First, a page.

Doing, Not Dreaming

If you are still trying to do something you begin three months ago, that’s not good. If it were six months ago, that’s terrible. And if it were longer than that, you’re just kidding yourself about really attempting to do it.

I’ve observed why people don’t move forward and wind up with the same thing on the “to do” list, or goals, or promises without movement. The reasons are:

• It’s a dream, and the work involved is not desirable or realistic.

• Fear of trying and failing.

• Fear of rejection by those who must be approached.

• Refusal to dedicate time that is now used on sustaining the status quo.

• Refusal to seek or heed help.

• The belief that if you keep talking about it then it will somehow happen.

If you want to create a new offering, move into a new market, reduce your indebtedness, attract larger clients, whatever:

  1. Identify what constitutes success.
  2. Ask yourself and others who have done it what’s required in addition to or in place of what you’re doing now.
  3. Implement on a tight time frame unafraid of failure and learning from mistakes.
  4. Dedicate time daily or weekly to implement.
  5. If it works, exploit it. If it fails, learn from it and forget it.

Generally, if you can’t make serious inroads in 60 days and create the new, sustainable environment in 90 days, you’re probably not going to do it, period.

Stop dreaming and start doing.

© Alan Weiss 2017


5 thoughts on “Doing, Not Dreaming

  1. Reminds me of your “Reasonable Progress” memo from several years back which I have pasted in a couple of places in my home. You probably still have it, but I’ll email my copy to you just in case. I’ve often wondered recently, if you were to re-write it, what would it read like today after years of reflection and experience – if any difference?

  2. Reminds me of one of my favorite quotes on this topic:

    “You are the way you are because that’s the way you want to be. If you really wanted to be any different, you would be in the process of changing right now.” Fred Smith, CEO FedEx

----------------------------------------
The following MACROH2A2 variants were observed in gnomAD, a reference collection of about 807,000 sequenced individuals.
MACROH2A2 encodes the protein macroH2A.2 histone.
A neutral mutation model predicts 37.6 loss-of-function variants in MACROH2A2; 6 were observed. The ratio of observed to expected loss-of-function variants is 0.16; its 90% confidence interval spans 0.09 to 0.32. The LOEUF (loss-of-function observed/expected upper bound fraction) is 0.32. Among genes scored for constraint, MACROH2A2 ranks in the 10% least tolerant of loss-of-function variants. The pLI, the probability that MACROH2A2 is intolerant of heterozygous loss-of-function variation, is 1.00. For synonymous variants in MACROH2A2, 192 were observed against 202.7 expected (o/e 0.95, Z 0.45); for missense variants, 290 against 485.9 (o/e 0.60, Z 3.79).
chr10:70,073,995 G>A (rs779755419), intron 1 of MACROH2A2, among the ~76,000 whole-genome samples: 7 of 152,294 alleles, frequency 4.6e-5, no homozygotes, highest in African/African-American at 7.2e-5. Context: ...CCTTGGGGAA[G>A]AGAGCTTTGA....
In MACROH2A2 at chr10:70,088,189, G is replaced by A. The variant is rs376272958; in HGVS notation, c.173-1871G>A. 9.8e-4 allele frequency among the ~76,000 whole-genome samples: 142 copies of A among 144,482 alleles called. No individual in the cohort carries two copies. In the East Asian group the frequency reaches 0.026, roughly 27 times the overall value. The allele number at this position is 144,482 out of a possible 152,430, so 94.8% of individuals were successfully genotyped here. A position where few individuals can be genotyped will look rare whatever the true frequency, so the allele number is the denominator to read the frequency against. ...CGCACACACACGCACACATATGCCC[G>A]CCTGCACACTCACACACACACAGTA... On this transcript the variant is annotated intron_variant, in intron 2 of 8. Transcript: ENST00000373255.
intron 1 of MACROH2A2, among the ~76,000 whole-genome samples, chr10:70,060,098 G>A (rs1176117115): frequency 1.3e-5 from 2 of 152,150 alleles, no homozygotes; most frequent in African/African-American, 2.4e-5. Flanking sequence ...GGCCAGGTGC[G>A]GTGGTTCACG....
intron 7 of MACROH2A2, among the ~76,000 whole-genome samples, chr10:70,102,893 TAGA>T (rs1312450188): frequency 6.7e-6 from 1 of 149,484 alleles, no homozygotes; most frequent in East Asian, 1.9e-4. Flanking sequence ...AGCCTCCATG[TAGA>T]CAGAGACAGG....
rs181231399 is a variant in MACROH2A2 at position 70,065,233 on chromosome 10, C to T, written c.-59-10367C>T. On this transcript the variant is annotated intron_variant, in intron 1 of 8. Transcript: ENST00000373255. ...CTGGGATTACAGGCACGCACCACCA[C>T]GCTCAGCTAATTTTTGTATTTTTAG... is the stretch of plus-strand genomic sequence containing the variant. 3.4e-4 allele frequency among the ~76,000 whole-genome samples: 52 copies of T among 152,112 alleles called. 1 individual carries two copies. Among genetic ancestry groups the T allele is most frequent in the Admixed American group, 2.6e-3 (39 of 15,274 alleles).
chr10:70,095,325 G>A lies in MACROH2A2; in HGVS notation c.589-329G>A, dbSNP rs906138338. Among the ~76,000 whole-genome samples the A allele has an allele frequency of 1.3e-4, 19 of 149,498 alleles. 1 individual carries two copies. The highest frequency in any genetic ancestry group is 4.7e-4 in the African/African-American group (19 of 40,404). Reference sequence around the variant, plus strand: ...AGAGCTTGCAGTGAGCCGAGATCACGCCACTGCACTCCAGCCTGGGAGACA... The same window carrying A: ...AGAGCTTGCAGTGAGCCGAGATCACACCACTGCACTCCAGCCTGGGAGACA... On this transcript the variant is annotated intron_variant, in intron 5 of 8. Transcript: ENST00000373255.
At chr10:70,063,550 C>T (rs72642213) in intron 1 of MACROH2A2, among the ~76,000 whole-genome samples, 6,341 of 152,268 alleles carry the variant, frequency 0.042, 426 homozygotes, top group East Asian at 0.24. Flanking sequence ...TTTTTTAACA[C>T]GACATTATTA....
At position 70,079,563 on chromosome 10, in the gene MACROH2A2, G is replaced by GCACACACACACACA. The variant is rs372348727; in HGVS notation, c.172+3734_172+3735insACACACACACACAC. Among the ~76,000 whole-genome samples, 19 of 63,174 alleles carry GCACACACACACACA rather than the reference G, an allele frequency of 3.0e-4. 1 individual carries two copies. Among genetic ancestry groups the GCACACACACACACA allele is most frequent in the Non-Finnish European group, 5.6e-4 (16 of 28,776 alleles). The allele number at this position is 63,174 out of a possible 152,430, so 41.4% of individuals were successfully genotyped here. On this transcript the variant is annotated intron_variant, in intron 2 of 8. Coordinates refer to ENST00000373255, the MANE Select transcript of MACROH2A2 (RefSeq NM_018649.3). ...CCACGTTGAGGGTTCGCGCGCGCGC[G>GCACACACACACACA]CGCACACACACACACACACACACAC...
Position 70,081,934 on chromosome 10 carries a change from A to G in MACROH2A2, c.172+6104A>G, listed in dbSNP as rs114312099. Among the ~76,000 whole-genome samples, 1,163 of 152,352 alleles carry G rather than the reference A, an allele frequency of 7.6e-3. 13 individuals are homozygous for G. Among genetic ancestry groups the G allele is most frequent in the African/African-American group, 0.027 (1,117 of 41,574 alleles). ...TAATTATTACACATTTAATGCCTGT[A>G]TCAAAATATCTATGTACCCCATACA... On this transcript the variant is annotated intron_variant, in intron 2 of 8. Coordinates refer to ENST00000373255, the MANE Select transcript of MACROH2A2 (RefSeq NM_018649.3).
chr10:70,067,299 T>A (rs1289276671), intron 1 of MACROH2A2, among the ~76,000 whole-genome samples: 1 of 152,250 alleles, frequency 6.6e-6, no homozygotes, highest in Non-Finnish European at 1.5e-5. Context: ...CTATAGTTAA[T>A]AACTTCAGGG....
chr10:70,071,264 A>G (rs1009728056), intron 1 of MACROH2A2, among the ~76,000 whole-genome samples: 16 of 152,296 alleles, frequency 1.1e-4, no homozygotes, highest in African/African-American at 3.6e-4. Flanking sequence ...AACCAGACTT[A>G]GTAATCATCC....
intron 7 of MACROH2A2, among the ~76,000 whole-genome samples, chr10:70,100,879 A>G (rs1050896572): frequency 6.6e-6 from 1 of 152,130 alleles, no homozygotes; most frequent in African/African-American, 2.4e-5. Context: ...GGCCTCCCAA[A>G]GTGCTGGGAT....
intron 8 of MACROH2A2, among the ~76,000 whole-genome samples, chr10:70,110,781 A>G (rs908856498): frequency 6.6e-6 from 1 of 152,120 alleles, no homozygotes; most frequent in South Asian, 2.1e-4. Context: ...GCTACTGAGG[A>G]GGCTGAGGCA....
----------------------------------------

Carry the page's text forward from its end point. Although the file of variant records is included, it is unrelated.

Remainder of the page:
3. This is the piece Craig Ellis mentioned, my thanks to him:

    Reasonable Progress

    Folks, I cannot control and can barely influence your talent and your discipline. Oh, I can help with skills development, and give you goals and accountability targets. But when you boil it all away, there is a God-given talent and a determination to get things accomplished that is pretty much innate.

    Starting at square zero, you should consummate your first sale in about six months. (Sooner is quite possible, and somewhat later is quite acceptable.) In one year, you should be self-sustaining, with sufficient business in-house or in the pipeline to support your current lifestyle.

    Assuming that you’ve actually tried to learn and apply my ramblings, and that you’ve participated in workshops, the Forum, Mentor Summits, mastermind groups, read the monthly newsletters, and so on, and you’re still behind those targets, it can mean only a few causes are at work:

    • You are afraid, not just of failing, but possibly also of succeeding. Your self-esteem is far too low, and you are protecting yourself and not taking risks. (What if you’re successful and someone finds out you don’t deserve it?!)

    • Your value isn’t sufficiently articulated and/or presented so as to make a compelling case to a buyer, so that money and time are not being shifted to you from other things.

    • Your personal style, language, behavior, and/or business etiquette are wanting, and the buyer is uncomfortable or annoyed in your presence.

    • You have done the right things, but not consistently. You don’t realize that 10% is an average “hit rate” for predators and the best baseball hitters are successful only a third of the time. You need to do the right things repeatedly and consistently.

    • You look at your pursuit as an avocation, not an occupation. You are easily distracted; you don’t really need the money; you care more for affiliation needs than income; you want to play with esoteric methodology forever instead of dealing with pragmatic results.

    I have known people who have “made it big” after taking two years or more, but they are rare and usually had to overcome, dramatically, one of the bullet points above. More commonly, if you’re just not seeing results, you could be in a “doom loop.”

    Look in the mirror and be honest with yourself.

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